Easy OpenStack Folsom with VirtualBox and Vagrant

Testing OpenStack is now as easy thanks to VirtualBox and Vagrant. To run a mini test environment with Compute, Cinder, Keystone and Horizon you just need the following tools:

  • VirtualBox
  • Vagrant
  • Git client

Getting Ready

To set up a sandbox environment within VirtualBox to run OpenStack Folsom you will need to download:

Installation of these tools are simple – follow the on-screen prompts.

When ready we need to configure the VirtualBox “Host-Only” Networking. This networking mode allows us to communicate with our VirtualBox guest and our underlying host.
We will set up the following:

  • Host-Only Network: IP 172.16.0.254; Network 172.16.0.0/255.255.0.0; Disable DHCP
  • Host-Only Network #2: IP 10.0.0.254; Network 10.0.0.0/255.0.0.0; Disable DHCP

(Hint: there is a bash script @ https://raw.github.com/uksysadmin/OpenStackInstaller/folsom/virtualbox/vbox-create-networks.sh to create these for you).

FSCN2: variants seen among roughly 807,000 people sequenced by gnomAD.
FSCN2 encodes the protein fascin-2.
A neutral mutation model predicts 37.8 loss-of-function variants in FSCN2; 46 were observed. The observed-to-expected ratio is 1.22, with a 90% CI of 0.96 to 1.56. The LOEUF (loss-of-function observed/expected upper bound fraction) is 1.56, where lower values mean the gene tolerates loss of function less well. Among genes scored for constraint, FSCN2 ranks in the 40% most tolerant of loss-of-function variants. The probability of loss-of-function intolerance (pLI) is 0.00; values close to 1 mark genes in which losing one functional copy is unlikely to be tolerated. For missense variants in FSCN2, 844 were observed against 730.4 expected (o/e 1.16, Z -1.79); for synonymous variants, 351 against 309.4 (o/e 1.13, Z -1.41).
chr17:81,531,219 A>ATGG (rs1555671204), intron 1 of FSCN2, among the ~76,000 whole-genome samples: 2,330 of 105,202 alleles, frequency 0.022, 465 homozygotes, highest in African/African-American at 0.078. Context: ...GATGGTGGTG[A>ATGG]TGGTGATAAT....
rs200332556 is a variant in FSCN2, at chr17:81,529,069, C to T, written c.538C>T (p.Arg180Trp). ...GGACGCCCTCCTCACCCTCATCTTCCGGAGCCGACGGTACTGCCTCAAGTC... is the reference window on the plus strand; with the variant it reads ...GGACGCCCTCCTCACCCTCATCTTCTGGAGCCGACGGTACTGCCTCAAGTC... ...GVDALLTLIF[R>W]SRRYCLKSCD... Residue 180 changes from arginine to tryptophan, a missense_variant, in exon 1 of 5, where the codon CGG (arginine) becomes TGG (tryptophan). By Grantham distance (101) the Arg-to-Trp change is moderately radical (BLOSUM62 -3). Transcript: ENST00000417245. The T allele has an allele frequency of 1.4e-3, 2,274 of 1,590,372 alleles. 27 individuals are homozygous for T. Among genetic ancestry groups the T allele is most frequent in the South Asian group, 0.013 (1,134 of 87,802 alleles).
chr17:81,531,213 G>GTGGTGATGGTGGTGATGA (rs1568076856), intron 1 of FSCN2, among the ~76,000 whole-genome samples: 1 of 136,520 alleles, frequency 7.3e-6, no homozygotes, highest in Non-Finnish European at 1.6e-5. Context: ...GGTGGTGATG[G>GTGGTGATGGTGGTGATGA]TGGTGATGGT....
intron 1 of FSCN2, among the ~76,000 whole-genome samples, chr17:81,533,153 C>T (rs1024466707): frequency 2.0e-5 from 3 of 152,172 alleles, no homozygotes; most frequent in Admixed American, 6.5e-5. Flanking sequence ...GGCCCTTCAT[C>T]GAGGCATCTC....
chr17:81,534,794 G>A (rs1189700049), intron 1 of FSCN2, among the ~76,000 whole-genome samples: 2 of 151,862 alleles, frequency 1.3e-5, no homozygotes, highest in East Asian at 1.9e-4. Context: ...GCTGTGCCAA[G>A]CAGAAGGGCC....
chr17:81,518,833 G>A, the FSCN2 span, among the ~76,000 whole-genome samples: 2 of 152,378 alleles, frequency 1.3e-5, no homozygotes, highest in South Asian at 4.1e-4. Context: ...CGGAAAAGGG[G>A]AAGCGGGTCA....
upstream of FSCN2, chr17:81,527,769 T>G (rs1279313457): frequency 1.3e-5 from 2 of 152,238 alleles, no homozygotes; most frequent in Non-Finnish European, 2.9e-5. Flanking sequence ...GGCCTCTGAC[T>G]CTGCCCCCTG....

How To Do It

To create a VirtualBox VM, running Ubuntu 12.04 with OpenStack Folsom from Ubuntu’s Cloud Archive, carry out the following

1. Clone the GitHub OpenStackInstaller scripts

git clone https://github.com/uksysadmin/OpenStackInstaller.git

2. Make the scripts the ‘folsom’ branch

cd OpenStackInstaller
git checkout folsom

3. Run ‘vagrant’ to launch your OpenStack instance which will come up with IP 172.16.0.201

cd virtualbox
vagrant up

4. After a short while your instance will be ready. Note that on the first run, Vagrant will download a 384Mb Precise64 “box”. Subsequent launches will not require this step.

Launch a web browser at http://172.16.0.201/horizon and log in with:

Username: admin
Password: openstack

(Note, to edit the IP it is assigned, modify virtualbox/vagrant-openstack-bootstrap.sh (Warning its a bit of a sed hack!).

Ubuntu 12.04 Alpha + Beta Kernel Panic Fix

If you are getting a Kernel Panic accompanied by text such as

init: log.c:786: Assertion failes in log_clear_unflushed:
 log->remote_closed